They whispered together for a while over the baby’s head, but he never remembered afterwards what passed or how long he knelt there. Only at last there came a silence that drifted on and on and he knew that Stella was asleep.
Later Mrs. Ralston stooped over him and took the baby away, and he laid his head down upon the pillow by Stella’s and wished with all his soul that the Gate before which her feet had halted would open to them both.
Someone came up behind them, and stood for a few seconds looking down upon them. He was aware of a presence, but he knelt on without stirring—as one kneeling entranced in a sacred place. Then two hands he knew grasped him firmly by the shoulders, raising him; he looked up half-dazed into his brother’s face.
“Come along, old chap!” Bernard whispered. “You mustn’t faint in here.”
The words roused him. The old sardonic smile showed for a moment about his lips. He faint! But he had not slept for two nights. That would account for that curious top-heavy feeling that possessed him. He suffered Bernard to help him up,—good old Bernard who had watched over him like a mother refusing flatly to remain behind, waiting upon him hand and foot at every turn.
“You come into the next room!” he whispered. “You shall be called immediately if she wakes and wants you. But you’ll crumple up if you don’t rest.”
There was truth in the words. Everard realized it as he went from the room, leaning blindly upon the stout, supporting arm. His weariness hung upon him like an overwhelming weight.
He submitted himself almost mechanically to his brother’s ordering, feeling as if he moved in a dream. As in a dream also he saw Peter at the door move, noiseless as a shadow, to assist him on the other side. And he tried to laugh off his weakness, but the laugh stuck in his throat.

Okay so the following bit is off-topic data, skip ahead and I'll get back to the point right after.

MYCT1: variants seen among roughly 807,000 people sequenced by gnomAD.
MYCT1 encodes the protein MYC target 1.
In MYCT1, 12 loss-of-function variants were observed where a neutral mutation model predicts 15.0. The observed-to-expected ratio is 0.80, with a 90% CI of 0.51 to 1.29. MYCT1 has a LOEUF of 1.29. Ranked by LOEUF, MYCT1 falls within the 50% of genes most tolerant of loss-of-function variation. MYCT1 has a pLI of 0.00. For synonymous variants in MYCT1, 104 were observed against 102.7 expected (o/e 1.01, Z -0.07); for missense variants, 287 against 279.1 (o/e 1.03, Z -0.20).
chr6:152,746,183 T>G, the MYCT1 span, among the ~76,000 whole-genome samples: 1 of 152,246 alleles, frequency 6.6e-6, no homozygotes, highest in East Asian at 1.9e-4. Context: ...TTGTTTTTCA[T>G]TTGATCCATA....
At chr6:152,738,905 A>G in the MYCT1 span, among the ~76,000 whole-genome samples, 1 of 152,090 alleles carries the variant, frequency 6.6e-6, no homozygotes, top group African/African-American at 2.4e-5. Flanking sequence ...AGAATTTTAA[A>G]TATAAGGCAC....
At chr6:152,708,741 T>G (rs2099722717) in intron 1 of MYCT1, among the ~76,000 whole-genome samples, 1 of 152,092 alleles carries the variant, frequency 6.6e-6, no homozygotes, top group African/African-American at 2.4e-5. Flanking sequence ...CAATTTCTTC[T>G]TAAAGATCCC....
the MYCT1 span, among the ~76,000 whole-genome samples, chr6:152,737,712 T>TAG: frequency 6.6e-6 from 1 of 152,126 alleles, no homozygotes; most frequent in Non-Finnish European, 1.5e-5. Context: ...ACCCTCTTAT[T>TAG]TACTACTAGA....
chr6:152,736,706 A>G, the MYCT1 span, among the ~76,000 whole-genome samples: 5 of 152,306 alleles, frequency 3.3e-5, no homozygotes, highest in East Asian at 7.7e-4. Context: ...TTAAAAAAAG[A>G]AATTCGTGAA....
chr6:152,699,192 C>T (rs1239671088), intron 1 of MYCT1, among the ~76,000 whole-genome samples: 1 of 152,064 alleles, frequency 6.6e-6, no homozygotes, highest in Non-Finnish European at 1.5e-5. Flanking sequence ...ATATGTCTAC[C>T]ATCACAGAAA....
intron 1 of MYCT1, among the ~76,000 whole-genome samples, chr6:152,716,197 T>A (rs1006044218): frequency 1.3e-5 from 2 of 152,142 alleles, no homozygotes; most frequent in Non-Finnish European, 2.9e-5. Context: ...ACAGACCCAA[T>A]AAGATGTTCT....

Then he found himself in a chair drinking a stiff mixture of brandy and water, again at Bernard’s behest, while Bernard stood over him, watching with the utmost kindness in his blue eyes.
The spirit steadied him. He came to himself, sat up slowly, and motioned Peter from the room. He was his own master again. He turned to his brother with a smile.
“You’re a friend in need, St. Bernard. That dose has done me good. Open the window, old fellow, will you? Let’s have some air!”
Bernard flung the window wide, and the warm wet air blew in laden with the fragrance of the teeming earth. Everard turned his face to it, drawing in great breaths. The dawn was breaking.
“She is better?” Bernard questioned, after a few moments.
“Yes. I believe she has turned the corner.” Everard spoke without turning. His eyes were fixed.
“Thank God!” said Bernard gently.
Everard’s right hand made a curious movement. It was as if it closed upon a weapon. “You can do that part,” he said, and he spoke with constraint. “But you’d do it in any case. It’s a way you’ve got. See the light breaking over there? It’s like a sword—turning all ways.” He rose with an obvious effort and passed his hand across his eyes. “What of you, man?” he said. “Have they been looking after you?”